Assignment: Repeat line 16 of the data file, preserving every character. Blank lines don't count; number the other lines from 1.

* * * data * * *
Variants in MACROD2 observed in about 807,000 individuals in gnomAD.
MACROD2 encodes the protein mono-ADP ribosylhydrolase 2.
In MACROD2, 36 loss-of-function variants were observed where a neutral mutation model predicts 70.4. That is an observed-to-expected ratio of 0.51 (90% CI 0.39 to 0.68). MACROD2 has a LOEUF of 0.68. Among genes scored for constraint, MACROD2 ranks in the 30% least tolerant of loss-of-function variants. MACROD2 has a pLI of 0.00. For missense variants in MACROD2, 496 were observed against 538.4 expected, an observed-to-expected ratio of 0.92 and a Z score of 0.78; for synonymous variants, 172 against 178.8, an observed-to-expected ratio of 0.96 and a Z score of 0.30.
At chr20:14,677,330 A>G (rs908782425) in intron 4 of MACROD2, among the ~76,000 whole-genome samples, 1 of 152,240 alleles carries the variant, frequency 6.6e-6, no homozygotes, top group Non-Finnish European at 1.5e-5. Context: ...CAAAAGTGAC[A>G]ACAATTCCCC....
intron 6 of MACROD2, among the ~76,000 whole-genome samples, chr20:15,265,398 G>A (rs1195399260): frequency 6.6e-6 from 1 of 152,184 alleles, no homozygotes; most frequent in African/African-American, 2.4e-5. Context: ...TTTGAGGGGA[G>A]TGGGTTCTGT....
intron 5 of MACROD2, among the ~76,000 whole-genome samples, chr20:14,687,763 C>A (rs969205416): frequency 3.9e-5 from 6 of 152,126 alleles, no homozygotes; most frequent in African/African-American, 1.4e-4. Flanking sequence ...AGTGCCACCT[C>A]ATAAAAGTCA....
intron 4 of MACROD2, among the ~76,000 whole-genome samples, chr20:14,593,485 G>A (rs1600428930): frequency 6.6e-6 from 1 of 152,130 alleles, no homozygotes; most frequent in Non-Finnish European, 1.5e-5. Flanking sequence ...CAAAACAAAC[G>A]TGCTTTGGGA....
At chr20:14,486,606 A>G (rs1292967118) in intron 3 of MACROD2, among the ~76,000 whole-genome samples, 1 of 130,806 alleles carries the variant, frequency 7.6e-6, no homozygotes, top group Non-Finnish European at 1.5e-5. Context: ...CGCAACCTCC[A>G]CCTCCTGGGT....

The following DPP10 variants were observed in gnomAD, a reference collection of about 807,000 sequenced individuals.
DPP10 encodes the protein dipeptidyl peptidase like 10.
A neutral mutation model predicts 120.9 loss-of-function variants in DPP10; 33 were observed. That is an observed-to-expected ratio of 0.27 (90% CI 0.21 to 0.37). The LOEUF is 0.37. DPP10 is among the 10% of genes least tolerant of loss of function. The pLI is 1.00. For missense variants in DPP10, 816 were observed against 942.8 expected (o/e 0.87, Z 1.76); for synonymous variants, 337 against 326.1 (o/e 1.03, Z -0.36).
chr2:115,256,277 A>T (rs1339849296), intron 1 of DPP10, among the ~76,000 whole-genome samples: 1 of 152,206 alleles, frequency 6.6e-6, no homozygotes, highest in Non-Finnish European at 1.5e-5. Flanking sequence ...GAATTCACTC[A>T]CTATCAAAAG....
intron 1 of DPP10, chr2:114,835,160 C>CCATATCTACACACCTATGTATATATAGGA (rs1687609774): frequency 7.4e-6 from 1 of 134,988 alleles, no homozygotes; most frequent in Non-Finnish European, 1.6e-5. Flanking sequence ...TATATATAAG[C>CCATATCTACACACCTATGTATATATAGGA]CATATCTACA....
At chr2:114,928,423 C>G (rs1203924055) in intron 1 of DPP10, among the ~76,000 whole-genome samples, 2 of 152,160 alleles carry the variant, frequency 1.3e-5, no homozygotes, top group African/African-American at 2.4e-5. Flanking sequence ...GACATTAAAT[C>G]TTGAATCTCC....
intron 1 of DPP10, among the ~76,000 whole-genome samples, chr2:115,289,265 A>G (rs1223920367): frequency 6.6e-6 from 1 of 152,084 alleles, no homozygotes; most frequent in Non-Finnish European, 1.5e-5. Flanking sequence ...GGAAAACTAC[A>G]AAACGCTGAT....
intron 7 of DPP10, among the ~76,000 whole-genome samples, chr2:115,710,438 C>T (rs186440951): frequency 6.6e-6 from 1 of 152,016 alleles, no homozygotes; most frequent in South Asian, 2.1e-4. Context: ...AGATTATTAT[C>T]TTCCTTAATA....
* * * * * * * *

intron 7 of DPP10, among the ~76,000 whole-genome samples, chr2:115,710,438 C>T (rs186440951): frequency 6.6e-6 from 1 of 152,016 alleles, no homozygotes; most frequent in South Asian, 2.1e-4. Context: ...AGATTATTAT[C>T]TTCCTTAATA....